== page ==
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Do you reset or restart?

What each of these function accomplishes.

In a Cisco IP Telephony environment, the Call Manager software controls many aspects of the IP Phones. In addition to call handling and some configuration, the Call Manager server can also cause the IP Phones to reset and restart. Remotely controlling the sets can be quite useful during troubleshooting, or reconfiguration. Knowing whether to use reset or restart isn't really important in the grand scheme of things, but it's always the little things that make or break your day.

A reset is the equivalent of a cold boot. The phone will turn its power off and on and then put itself through the normal boot process. A restart is less dramatic, and only causes the phone to release its registration with the Call Manager and then register again.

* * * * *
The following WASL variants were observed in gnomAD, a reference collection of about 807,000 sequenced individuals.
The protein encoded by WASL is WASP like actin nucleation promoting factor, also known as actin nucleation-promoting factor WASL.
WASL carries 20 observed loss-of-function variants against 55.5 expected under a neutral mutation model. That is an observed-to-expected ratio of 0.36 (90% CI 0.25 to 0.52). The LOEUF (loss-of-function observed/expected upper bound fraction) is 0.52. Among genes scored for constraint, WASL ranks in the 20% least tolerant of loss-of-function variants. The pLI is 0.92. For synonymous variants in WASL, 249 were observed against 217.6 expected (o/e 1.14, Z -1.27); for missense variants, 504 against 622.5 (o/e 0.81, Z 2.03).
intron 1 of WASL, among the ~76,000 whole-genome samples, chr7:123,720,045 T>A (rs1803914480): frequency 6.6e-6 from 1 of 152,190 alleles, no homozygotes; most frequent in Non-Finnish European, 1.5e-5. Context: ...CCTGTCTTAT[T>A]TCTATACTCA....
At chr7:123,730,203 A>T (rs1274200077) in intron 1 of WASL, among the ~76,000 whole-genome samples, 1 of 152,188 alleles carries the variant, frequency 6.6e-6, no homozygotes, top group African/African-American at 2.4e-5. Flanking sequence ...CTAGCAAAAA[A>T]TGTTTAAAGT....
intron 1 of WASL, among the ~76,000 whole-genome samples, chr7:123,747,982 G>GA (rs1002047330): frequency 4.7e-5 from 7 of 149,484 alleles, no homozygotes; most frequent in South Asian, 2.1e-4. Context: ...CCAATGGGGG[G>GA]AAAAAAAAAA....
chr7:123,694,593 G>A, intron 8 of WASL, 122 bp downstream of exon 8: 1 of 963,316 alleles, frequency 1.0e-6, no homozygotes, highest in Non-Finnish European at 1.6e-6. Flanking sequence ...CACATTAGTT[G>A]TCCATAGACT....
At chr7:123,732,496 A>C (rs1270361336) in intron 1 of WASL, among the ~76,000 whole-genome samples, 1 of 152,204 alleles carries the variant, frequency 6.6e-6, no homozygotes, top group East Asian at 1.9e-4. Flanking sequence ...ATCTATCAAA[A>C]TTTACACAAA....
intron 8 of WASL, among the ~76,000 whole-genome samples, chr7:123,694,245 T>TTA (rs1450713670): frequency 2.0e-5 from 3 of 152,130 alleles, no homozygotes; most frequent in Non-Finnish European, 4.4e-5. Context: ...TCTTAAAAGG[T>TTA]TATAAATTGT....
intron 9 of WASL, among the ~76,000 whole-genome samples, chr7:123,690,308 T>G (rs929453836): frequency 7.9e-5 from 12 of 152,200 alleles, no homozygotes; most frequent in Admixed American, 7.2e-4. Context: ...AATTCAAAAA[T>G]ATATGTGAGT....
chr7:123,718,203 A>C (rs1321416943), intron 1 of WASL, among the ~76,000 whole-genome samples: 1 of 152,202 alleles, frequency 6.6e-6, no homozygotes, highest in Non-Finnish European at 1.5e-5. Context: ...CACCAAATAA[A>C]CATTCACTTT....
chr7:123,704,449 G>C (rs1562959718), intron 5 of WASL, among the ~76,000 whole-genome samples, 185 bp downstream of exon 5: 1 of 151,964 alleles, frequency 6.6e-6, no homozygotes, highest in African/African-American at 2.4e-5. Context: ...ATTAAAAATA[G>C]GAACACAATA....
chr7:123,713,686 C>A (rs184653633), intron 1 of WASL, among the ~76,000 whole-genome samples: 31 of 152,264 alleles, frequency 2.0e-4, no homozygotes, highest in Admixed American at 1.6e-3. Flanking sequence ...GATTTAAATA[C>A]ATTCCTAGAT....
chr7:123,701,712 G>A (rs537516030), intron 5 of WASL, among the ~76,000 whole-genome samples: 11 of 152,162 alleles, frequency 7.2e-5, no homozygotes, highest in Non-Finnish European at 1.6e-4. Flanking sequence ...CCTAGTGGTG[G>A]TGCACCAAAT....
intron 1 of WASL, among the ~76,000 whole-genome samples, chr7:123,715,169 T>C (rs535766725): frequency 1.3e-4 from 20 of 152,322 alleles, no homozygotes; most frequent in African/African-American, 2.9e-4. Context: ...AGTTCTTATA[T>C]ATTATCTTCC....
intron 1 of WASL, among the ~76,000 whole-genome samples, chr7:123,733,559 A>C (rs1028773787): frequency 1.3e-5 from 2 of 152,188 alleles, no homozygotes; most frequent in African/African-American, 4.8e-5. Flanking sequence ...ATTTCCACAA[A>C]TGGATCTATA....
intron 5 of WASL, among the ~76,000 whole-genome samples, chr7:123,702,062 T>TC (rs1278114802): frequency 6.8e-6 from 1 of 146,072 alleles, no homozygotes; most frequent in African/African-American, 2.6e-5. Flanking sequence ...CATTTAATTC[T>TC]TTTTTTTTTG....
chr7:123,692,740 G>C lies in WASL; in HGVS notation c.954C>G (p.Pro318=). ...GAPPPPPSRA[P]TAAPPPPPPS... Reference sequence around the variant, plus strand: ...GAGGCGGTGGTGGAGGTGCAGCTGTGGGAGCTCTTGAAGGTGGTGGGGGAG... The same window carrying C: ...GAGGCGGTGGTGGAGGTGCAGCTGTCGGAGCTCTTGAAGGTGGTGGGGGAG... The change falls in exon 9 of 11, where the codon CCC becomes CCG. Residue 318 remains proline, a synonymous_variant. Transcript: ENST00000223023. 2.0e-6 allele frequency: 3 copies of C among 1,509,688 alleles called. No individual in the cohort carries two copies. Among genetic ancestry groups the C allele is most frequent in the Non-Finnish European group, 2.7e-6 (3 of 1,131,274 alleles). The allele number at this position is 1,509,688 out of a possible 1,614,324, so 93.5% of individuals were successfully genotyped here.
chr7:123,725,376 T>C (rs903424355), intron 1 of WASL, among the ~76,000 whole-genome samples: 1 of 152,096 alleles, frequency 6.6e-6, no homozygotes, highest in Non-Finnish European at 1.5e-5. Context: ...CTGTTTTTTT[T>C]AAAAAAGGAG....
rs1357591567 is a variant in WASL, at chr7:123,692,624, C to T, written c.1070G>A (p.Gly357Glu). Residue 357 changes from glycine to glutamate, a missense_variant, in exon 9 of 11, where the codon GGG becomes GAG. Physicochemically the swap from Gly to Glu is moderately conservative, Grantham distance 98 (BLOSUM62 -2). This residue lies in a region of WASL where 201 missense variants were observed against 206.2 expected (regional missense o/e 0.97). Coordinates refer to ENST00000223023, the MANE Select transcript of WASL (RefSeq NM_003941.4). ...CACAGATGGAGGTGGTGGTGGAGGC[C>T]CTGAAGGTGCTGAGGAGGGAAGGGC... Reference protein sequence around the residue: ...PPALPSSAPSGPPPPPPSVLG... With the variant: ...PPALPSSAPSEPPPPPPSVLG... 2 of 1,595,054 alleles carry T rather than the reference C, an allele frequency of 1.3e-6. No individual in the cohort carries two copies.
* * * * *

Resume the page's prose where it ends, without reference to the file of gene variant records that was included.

To some extent, which one you choose may depend on whether you're troubleshooting a problem with a phone, or a problem with the server or connection. If you're just testing things like name and number resolution, and higher-level call-signaling protocol functionality, then you can stick with the quicker restart command. On the other hand, there are times when you want to reset the phone completely.

One important thing to remember, however, is that the restart command doesn't not cause the phone to load its config from the TFTP server, so if you've made changes to the configs and issue a restart, don't be surprised when the phone doesn't reflect the new configs. This is an example of a job for reset.

Thomas Alexander Lancaster IV is a consultant and author with over ten years experience in the networking industry, focused on Internet infrastructure.

This was last published in July 2003

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